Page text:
Wood sorrel is at least in the areas we were in California. I'm from California. It's quite prevalent when you go on a hike. You see wood sorrel everywhere and it has a nice citrus note to it. You also see miner's lettuce. Those are fairly safe items to forage, but I would put a little disclaimer about foraging in general.

You want to make sure you are well educated in the plants that you're harvesting to make sure you don't poison yourself or get sick. I would be a little cautious there. Things like seaweed – from my knowledge, there are no toxic seaweeds out there. You can safely forage for seaweeds in the ocean as long as it's fresh.

You recently spent your birthday in Maine. Did you find any nice natural ingredients in there?

We did. I had just gone on a hike and next thing you know, I was stumbling upon a tree stump of oyster mushrooms. There were black trumpet mushrooms underneath some pine needles. We also found yellow foot mushrooms and honey caps and took them home and sautéed them. Make sure you're with professionals or you have an understanding of mushrooms before you go out and pick them and eat them.

Melissa King's Met Gala takeaway

It's long been one of your culinary principles to source locally and cook seasonally. When Marcus Samuelsson tapped you for the 2022 Met Gala, you created this scalable dish for 500 people that was seasonal at the same time. What did that experience teach you?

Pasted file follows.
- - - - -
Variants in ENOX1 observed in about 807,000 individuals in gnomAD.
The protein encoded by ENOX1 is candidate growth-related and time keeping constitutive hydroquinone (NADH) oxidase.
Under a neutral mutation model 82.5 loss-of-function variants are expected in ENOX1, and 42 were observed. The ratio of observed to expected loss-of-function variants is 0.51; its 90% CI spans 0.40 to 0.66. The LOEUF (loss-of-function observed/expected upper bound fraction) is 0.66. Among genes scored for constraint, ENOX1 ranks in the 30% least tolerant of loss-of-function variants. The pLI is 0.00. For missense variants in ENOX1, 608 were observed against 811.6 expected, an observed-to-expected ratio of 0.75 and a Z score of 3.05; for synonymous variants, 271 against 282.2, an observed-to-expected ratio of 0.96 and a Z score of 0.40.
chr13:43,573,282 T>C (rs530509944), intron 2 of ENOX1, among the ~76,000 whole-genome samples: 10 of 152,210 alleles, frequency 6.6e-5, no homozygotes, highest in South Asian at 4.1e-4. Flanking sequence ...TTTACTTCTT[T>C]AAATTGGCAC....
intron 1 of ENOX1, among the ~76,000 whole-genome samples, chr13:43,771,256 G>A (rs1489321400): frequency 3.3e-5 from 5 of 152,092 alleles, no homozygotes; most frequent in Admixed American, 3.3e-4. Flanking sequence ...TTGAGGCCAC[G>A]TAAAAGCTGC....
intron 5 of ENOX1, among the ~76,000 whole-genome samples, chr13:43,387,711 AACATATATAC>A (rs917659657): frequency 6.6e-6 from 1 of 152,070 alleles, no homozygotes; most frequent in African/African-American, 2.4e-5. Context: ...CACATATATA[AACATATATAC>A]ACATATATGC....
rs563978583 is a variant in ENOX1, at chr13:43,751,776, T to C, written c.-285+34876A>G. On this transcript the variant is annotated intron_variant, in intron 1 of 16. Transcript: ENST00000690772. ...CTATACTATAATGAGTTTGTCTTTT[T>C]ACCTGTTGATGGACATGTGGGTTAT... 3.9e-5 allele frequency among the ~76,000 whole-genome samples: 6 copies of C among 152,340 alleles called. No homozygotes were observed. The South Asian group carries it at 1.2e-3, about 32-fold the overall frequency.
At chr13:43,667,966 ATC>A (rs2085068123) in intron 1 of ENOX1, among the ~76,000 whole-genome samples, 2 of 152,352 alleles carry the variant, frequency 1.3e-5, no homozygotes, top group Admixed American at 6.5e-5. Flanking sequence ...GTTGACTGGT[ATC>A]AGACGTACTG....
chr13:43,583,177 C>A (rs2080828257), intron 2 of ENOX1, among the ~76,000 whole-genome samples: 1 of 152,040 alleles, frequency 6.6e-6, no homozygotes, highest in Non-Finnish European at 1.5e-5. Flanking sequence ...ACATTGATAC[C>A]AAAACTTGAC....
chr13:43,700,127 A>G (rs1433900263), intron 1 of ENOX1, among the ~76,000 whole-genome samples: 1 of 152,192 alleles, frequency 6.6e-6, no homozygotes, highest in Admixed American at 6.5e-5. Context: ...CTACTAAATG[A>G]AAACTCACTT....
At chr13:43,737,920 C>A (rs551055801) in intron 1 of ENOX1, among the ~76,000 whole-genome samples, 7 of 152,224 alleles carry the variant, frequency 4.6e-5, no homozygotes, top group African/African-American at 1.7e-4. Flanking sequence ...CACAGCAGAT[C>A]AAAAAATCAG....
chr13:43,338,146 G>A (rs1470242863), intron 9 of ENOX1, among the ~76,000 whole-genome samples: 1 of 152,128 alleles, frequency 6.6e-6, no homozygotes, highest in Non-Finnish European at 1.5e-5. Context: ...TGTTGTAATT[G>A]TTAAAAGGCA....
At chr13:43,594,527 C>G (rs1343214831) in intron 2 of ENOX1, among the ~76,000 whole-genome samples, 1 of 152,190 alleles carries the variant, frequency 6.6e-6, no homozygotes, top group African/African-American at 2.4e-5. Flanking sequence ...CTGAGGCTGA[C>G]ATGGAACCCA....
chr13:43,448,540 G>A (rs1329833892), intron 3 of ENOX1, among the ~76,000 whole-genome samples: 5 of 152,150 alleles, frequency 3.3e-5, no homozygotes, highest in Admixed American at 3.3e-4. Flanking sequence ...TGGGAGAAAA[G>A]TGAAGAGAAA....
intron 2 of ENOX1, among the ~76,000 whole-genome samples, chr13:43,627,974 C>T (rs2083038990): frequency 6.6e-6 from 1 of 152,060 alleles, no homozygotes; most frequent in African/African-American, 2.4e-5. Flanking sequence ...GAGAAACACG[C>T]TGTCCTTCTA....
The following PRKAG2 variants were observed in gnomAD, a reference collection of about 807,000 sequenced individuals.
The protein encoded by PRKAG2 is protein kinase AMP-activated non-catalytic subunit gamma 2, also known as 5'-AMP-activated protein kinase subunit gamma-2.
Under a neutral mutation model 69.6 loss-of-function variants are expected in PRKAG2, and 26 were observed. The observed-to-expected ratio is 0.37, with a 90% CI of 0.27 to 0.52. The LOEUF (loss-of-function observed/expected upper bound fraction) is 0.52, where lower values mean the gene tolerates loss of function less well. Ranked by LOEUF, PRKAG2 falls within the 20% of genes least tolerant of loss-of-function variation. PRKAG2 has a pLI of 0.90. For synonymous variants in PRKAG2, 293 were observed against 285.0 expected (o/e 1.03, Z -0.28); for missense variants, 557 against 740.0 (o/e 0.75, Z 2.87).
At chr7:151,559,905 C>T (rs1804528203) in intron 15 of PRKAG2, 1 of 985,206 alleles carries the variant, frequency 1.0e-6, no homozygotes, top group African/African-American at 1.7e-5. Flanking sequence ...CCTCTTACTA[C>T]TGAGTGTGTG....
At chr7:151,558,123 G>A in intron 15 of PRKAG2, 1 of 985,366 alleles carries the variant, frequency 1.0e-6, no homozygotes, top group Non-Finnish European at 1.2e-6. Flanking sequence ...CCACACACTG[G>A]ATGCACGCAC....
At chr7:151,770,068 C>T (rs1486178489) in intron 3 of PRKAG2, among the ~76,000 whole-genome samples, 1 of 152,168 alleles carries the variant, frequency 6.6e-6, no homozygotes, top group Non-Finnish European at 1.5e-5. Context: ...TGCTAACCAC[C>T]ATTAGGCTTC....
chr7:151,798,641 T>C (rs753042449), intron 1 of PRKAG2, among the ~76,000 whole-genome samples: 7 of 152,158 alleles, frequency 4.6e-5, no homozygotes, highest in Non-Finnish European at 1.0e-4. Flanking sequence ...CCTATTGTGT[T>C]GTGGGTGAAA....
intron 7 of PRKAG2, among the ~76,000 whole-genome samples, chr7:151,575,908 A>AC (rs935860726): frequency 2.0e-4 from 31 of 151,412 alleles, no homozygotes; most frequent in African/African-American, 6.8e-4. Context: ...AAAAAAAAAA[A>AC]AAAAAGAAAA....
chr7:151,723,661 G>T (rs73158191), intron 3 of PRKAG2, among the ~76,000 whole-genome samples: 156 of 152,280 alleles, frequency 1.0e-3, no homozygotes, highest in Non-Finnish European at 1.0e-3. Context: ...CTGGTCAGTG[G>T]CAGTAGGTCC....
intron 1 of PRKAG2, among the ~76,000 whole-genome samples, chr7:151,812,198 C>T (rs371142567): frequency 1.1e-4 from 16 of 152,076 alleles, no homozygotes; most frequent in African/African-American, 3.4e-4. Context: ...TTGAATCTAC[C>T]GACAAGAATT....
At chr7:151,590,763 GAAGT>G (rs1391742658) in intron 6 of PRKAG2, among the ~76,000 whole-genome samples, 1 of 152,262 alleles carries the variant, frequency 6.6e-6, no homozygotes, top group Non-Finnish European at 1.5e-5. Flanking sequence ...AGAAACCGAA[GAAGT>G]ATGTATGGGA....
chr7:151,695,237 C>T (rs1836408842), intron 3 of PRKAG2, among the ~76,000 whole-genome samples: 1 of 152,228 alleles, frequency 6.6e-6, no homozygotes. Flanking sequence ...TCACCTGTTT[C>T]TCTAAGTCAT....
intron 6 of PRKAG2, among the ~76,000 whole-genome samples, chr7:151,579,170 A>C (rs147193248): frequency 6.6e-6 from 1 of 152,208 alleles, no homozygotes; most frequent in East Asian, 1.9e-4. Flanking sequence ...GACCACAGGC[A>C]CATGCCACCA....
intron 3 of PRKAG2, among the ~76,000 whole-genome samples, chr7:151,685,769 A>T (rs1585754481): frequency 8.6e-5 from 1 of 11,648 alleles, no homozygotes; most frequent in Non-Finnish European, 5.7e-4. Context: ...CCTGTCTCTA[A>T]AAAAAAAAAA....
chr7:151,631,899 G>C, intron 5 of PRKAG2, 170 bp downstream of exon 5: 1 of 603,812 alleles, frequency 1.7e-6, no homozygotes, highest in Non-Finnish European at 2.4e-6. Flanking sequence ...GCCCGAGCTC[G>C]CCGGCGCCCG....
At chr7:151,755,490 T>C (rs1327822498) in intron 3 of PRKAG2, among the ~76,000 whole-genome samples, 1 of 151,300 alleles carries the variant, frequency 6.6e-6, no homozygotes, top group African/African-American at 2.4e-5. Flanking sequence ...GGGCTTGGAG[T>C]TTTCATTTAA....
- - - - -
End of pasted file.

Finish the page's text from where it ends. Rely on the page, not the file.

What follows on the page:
The Met taught me to be flexible in my cooking, because there are certainly a lot of parameters with sourcing locally. [It was challenging], creating a dish that fit the theme of the Met, but also creating a dish that felt like me and having those Asian layers to it. As you said, [I learned] scalability and being able to create a dish that could be replicated for 500 guests and be consistent.

There were a lot of parameters. I find excitement in creating something within the parameters. Creating something that I've never created before, I find beauty in that. It pushes me a little bit further in my craft. I learned how to be flexible and open-minded to new things and to be able to bend in different directions, because sometimes you can be quite hard-headed and you're like, "I want to make this thing on this event," and then you realize it's not possible and have to be able to pivot from that.

You walked the red carpet with all of the celebs and ended up eating the meal that you'd cooked for them, with them. Did you get any on-the-spot feedback?

I did get on-the-spot feedback and it was extremely heartwarming. A large part of why I became a chef was I like to see people light up when they eat my food. It's a labor of love and you put your heart into the things. I put my heart in things I create, and to be able to see people in the moment experiencing it and seeing that reaction gets me excited.